I got hooked on cars and auto mechanics back in the mid 50s while still in high school. When I was 16, I put in a bid on a 49 Mercury (just like the one James Dean had in "Rebel Without a Cause") that was part of a deceased lady's estate. Mine was the high bid and I got the car. Lo and behold, while driving it home (only two blocks away), it developed a "ticking" noise in the engine. Even though I didn't know what it was, I had sense enough to recognize that something was amiss and took it to a mechanic for diagnosis.
He tore off one of the heads (it was, of course, a flat head V-8) and saw the groove mark down the side of one of the cylinder walls - a wrist pin had come out of one of the pistons and scored the wall. He then quoted me some big number for an engine rebuild. I said, "Thanks, but no thanks," paid him for his diagnosis, and had the car pulled home.
Even though I barely knew what a piston was at that point, I immediately made up my mind that I was going to, somehow, fix it myself. I went to a local automotive junk yard and found a relatively new 53 Mercury that had been totaled but the engine was believed to be okay. I talked a buddy into letting me use his garage and I rented a chain hoist. Over a month long period after school and on weekends, I pulled the 49 engine, swapped water pumps, engine mounts, etc. and dropped the 53 engine into the 49 chassis. It fit like a glove and the engine mated up with the transmission bell housing perfectly. And I did it all pretty much by myself - along with the aid of some Chilton's Motor Manuals that I got from the local public Library (it helped that my mom was a part time librarian).
There was a sloping alley behind my buddy's garage and I'll never forget the "moment of truth." I pushed the car out, aimed down the alley, and jumped in. Within about 20 feet, I popped the clutch and that sucker started right up and ran like a clock. You talk about a feeling of satisfaction! Man, there was relief, pride, euphoria - and it was all rolled into one. My self-confidence meter pegged...and I was hooked.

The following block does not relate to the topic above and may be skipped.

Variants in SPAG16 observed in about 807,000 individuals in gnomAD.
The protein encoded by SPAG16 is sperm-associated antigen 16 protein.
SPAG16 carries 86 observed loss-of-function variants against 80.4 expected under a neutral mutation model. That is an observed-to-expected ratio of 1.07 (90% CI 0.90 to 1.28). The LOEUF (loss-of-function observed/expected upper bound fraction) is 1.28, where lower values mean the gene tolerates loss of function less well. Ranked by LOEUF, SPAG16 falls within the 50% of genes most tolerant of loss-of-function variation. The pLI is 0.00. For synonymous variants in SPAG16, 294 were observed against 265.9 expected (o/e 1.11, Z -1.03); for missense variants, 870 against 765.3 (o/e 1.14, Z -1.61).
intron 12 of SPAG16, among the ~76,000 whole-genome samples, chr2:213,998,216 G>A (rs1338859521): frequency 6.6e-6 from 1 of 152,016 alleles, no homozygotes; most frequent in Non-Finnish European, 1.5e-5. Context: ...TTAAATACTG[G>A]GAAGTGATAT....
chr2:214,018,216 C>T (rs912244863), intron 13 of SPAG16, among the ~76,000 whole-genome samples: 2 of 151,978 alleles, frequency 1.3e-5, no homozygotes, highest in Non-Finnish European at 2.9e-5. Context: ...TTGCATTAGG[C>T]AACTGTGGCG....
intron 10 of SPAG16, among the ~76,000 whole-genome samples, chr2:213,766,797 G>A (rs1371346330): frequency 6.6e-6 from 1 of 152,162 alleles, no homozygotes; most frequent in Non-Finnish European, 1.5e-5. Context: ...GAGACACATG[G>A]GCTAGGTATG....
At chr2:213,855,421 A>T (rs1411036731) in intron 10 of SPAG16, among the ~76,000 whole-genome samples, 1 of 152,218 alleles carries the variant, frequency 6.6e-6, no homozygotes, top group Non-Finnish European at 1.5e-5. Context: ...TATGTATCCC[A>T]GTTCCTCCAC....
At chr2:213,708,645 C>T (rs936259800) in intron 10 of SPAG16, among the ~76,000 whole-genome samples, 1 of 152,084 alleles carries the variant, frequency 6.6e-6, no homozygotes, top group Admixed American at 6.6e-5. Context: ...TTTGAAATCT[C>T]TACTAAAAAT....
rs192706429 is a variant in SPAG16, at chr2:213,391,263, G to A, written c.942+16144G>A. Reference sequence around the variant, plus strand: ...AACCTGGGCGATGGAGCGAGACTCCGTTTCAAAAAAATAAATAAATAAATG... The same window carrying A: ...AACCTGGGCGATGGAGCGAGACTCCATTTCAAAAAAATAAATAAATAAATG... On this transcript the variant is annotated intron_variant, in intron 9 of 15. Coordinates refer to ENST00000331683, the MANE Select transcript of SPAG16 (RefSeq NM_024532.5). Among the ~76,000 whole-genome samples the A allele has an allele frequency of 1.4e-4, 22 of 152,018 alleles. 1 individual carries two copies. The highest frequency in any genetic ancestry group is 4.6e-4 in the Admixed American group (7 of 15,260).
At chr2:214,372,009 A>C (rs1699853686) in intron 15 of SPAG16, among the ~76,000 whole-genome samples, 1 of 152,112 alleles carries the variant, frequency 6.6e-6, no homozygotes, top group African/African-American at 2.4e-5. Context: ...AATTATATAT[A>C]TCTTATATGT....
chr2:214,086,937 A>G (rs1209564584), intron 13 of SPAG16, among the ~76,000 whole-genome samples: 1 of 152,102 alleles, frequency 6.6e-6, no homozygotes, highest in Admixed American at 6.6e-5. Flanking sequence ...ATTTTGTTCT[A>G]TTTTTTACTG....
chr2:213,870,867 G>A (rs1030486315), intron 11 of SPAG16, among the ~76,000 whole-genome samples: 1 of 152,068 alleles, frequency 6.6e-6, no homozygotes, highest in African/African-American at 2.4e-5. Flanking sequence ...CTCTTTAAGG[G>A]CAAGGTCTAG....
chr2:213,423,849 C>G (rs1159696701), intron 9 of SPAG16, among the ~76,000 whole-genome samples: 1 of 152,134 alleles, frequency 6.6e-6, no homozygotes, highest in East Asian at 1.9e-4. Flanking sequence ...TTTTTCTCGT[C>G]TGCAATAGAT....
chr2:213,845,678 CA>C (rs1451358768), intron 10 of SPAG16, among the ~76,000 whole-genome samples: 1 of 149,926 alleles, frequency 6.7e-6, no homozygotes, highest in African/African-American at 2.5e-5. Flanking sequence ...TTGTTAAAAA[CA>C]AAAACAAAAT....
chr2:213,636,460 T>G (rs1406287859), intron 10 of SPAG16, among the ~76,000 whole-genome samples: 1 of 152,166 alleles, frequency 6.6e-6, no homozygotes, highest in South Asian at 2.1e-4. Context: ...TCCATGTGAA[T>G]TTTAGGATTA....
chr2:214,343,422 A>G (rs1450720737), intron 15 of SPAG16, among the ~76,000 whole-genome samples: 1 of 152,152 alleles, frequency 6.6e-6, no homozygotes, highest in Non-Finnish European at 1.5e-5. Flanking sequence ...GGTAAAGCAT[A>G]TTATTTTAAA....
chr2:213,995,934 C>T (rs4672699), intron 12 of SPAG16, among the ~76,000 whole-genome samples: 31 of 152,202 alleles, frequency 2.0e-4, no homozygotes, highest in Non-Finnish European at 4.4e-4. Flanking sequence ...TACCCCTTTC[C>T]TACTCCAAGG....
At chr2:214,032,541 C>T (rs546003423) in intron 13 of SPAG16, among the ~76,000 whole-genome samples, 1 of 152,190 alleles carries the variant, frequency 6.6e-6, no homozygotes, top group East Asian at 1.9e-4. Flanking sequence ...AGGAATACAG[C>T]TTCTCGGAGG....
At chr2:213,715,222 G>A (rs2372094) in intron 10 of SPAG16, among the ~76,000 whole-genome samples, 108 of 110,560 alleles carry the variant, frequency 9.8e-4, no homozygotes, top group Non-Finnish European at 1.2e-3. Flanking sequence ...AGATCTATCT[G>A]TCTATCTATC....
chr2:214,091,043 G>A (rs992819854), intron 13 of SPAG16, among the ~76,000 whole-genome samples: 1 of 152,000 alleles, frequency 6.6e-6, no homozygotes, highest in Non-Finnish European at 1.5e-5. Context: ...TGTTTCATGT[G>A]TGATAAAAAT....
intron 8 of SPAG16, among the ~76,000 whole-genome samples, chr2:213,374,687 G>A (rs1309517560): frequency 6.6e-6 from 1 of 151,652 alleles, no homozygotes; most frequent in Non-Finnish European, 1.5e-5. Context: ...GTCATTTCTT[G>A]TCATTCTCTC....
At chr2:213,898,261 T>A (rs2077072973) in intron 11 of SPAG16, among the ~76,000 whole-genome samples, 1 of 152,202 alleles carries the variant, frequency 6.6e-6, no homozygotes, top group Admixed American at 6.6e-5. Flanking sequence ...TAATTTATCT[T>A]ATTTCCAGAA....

We only lived about 60 miles from Indianapolis and I also "discovered" the Indianapolis 500 at about this time. I was at the track the day that Bill Vukovich got killed in 1955. Several years later (mid 60s), I remember seeing Jim Clark at Indy in his Lotus Ford - one of the first rear engine cars to hit the "Brickyard." There was a mystique about that car - something about the way it sounded - and Clark, himself, was a fascinating guy with a wry smile and a circumspect demeanor. He was from Duns Scotland and I can't help but think in retrospect that that's where the British seed got planted in my brain. It wasn't long after that when I saw my first MGB - and it was love at first sight!
In my senior year of high school, I had taken Auto Mechanics and got an A+. From then until I was about 20, I probably owned a dozen cars - mostly Fords and Mercurys with flathead V-8 engines. My buddies soon learned to be scarce when I came around with that "Hey, I need some help!" look on my face. I got so I could yank an engine, take it apart and put it back together, nearly blind folded.
Later, I met a guy from California who was finishing up at Purdue. He was a Jaguar aficionado and he nearly talked me into becoming a Jaguar technician (I sometimes regret that I didn't pursue that!). He was married and, after graduation, I helped him move to his home in Tarzana, California. He rented a U-haul type of truck and he and I took turns driving non-stop on old Route 66. While there he took me around and introduced me to a lot of hot rodders he knew. One of the guys I met was Tony Nancy who of course would later become a towering figure in car customizing.
The years went by and - as the man said - I got busy being married, helping to raise a family, and pursuing a career. Cars became a way to get from point "A" to point "B." My idea of preventive maintenance became, "If it ain't broke don't fix it!" But in the back of my mind, I always had a hankering for an MGB - the lines of that car just turned me on.
Fast forward to 2002. One Friday in late August, I had the day off and, for reasons I'll never know, I picked up the classified section of our local newspaper - something I almost never do. I looked under "Used Cars" and there was this ad for a 69 MGB. I called the number listed and found out the car was about 15 miles from where we live. My wife and I went to look at it and I instantly realized that this automobile looked to be reasonably priced. I haggled a bit with the guy and we came to terms. I wrote him a check on the spot - and that's how I came to be the proud owner of an MGB.
And now you know the rest of the story!